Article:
George, this point pertains to Copernicus’ book, not Galileo’s. Bellarmine’s committee ruled in 1616 that Copernicus’ book De revolutionibus (1543) was to be “suspended until corrected.” The “corrections,” issued in a few years later in 1620, amounted to crossing out entirely or rewriting about half a dozen sentence or chapter headings to remove the implication that the earth actually moves, while leaving the Copernican idea as a legitimate astronomical “hypothesis,” that is, a useful mathematical tool for calculating where planets will be seen on given dates. Once the corrections were made, the book was permissible for Catholics to read. In the interim, it had simply been “suspended” temporarily.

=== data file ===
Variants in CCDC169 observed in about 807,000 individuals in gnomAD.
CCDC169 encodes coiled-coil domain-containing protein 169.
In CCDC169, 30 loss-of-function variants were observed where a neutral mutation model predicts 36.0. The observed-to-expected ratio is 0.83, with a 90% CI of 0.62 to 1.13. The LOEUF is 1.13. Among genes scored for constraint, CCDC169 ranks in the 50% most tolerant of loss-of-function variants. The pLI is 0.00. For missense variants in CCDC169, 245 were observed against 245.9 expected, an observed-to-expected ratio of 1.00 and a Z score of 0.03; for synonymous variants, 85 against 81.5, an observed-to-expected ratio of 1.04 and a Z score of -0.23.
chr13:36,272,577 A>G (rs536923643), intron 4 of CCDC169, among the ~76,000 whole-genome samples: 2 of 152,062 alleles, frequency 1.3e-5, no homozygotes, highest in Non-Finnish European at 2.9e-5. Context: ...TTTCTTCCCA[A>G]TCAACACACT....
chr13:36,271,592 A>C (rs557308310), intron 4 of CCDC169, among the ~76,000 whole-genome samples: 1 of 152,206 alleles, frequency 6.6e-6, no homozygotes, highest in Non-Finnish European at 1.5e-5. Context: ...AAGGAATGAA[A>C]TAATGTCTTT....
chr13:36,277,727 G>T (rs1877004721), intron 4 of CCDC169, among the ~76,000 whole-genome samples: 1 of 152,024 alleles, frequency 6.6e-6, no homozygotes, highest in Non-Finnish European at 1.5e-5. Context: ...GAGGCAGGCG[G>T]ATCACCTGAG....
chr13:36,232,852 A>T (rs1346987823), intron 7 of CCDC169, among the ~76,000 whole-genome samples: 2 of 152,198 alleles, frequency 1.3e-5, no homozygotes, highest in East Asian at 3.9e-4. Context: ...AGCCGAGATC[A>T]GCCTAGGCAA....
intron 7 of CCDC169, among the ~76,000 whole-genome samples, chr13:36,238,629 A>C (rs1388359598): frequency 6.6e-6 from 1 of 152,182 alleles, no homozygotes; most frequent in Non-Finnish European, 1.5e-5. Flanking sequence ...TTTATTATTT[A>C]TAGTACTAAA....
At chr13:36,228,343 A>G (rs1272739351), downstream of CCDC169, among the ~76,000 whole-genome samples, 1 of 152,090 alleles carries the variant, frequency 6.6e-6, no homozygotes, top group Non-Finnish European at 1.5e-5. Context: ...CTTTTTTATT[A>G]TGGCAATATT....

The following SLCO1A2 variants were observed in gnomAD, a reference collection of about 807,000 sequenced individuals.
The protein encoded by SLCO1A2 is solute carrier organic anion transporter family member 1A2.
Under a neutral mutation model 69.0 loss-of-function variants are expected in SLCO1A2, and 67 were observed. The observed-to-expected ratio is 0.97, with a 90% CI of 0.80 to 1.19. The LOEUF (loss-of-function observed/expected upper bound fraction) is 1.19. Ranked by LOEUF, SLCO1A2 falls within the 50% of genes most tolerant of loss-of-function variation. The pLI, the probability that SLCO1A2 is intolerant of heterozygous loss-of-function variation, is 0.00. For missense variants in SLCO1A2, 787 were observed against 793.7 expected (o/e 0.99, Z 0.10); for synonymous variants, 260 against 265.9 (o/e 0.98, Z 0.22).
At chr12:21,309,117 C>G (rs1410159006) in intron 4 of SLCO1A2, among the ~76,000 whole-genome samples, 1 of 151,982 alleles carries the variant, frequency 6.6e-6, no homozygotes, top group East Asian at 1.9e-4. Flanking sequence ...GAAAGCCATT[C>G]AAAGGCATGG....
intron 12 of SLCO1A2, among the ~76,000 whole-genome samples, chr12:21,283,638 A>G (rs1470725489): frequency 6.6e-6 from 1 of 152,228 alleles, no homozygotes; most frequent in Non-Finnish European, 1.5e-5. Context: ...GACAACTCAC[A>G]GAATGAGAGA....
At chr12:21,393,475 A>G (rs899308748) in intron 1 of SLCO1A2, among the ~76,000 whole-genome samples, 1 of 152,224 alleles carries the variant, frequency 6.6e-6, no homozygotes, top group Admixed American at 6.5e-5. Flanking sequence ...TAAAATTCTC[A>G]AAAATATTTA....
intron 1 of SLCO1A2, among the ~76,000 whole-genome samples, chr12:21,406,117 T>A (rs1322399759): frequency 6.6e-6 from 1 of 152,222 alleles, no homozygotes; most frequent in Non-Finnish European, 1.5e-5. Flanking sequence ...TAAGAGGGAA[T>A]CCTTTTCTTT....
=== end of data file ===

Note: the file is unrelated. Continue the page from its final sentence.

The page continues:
Now, Galileo’s book the Dialogue (1632) had a different fate. None of Galileo’s works were censored or banned in any way back in 1616. Galileo became involved only on his own volition, when he went to Rome, knocked on doors, and tried to prevent Bellarmine’s committee from acting rashly in haste. Obviously he failed to persuade them to slow down. His book got banned in 1633 in the wake of his trial. That ruling was eventually reversed, but it took a very long time. And, as I explain in the podcast, the politics of the situation greatly complicate any verdict we might place today on their verdict at the time.